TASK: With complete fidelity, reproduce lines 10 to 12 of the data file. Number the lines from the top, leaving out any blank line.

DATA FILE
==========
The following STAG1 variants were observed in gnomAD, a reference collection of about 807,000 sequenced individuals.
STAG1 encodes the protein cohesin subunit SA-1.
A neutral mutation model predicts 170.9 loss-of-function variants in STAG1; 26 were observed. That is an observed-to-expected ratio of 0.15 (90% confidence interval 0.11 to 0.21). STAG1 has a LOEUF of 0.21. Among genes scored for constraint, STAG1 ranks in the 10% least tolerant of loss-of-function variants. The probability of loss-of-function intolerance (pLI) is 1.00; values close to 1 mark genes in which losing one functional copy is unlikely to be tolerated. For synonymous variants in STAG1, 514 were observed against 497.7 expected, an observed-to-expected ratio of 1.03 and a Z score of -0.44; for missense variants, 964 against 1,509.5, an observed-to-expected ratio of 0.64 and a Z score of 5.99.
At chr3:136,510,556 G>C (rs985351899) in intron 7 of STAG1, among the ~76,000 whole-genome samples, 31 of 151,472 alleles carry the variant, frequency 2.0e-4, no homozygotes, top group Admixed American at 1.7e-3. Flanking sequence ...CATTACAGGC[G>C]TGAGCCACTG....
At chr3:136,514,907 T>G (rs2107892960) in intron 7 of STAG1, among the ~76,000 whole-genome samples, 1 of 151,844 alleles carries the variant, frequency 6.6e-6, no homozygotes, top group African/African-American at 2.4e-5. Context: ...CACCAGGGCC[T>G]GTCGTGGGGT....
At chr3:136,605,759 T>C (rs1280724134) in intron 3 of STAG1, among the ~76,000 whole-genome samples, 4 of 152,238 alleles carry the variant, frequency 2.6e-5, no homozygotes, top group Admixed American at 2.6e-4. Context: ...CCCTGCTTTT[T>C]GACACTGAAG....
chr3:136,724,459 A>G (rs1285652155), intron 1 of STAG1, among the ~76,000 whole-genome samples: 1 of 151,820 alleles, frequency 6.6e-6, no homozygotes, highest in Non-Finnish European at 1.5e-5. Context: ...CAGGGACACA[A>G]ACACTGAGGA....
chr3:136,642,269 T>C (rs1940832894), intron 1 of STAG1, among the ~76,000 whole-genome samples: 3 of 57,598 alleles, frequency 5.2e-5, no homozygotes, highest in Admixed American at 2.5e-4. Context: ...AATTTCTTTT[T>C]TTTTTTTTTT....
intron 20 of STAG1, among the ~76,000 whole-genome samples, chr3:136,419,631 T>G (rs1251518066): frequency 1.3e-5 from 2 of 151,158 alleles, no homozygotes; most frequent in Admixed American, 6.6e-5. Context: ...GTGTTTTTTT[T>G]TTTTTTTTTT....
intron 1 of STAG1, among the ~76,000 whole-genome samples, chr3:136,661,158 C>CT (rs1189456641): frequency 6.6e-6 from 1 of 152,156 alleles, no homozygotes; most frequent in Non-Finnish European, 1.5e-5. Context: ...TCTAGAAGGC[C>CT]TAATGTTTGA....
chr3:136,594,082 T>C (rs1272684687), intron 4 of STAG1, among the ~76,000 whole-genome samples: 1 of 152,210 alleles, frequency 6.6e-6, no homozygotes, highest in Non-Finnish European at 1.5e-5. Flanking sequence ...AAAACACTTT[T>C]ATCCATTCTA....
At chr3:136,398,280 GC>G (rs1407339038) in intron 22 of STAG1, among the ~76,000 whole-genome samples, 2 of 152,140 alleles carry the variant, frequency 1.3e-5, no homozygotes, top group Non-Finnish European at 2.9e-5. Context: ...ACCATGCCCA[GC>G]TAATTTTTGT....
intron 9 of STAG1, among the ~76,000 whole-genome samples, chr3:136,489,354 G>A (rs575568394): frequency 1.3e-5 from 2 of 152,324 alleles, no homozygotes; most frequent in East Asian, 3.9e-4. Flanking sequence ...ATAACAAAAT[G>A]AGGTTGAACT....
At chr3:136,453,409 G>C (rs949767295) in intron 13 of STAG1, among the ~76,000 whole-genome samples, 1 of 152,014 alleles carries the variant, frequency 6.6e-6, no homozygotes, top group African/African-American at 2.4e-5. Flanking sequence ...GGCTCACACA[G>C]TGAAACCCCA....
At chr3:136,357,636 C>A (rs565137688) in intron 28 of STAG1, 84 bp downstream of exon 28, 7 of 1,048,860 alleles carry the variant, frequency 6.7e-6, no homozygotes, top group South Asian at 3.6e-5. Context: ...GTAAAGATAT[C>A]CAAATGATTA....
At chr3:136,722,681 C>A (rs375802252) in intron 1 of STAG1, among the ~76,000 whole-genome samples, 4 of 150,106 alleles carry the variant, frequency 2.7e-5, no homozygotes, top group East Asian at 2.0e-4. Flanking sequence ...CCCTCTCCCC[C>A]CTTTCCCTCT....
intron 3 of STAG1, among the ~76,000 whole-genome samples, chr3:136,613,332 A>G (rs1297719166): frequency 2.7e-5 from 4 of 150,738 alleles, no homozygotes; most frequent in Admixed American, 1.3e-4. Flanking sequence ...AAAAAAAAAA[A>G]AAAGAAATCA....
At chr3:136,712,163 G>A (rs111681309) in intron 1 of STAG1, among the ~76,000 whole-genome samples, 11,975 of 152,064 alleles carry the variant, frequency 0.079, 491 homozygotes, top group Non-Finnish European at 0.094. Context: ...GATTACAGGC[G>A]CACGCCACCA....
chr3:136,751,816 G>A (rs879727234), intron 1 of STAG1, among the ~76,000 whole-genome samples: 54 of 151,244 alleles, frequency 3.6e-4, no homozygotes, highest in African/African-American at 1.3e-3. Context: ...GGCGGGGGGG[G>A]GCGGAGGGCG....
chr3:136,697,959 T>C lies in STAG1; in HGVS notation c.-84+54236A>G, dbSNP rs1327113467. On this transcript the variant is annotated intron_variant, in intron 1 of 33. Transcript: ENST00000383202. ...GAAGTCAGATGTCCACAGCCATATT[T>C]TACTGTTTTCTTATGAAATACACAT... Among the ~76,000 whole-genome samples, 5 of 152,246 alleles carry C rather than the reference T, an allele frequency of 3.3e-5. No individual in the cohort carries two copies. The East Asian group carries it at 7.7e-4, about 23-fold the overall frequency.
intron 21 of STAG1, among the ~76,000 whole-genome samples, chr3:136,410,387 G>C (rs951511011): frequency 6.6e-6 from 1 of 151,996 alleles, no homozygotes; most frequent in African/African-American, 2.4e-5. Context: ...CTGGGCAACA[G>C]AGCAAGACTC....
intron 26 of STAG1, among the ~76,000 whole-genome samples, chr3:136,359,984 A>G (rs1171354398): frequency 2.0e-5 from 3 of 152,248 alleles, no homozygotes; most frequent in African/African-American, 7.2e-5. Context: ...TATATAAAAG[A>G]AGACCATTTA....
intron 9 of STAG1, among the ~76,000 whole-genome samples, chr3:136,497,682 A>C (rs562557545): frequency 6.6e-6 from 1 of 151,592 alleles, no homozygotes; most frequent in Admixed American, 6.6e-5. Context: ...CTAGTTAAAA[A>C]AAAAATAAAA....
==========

intron 1 of STAG1, among the ~76,000 whole-genome samples, chr3:136,661,158 C>CT (rs1189456641): frequency 6.6e-6 from 1 of 152,156 alleles, no homozygotes; most frequent in Non-Finnish European, 1.5e-5. Context: ...TCTAGAAGGC[C>CT]TAATGTTTGA....
chr3:136,594,082 T>C (rs1272684687), intron 4 of STAG1, among the ~76,000 whole-genome samples: 1 of 152,210 alleles, frequency 6.6e-6, no homozygotes, highest in Non-Finnish European at 1.5e-5. Flanking sequence ...AAAACACTTT[T>C]ATCCATTCTA....
At chr3:136,398,280 GC>G (rs1407339038) in intron 22 of STAG1, among the ~76,000 whole-genome samples, 2 of 152,140 alleles carry the variant, frequency 1.3e-5, no homozygotes, top group Non-Finnish European at 2.9e-5. Context: ...ACCATGCCCA[GC>G]TAATTTTTGT....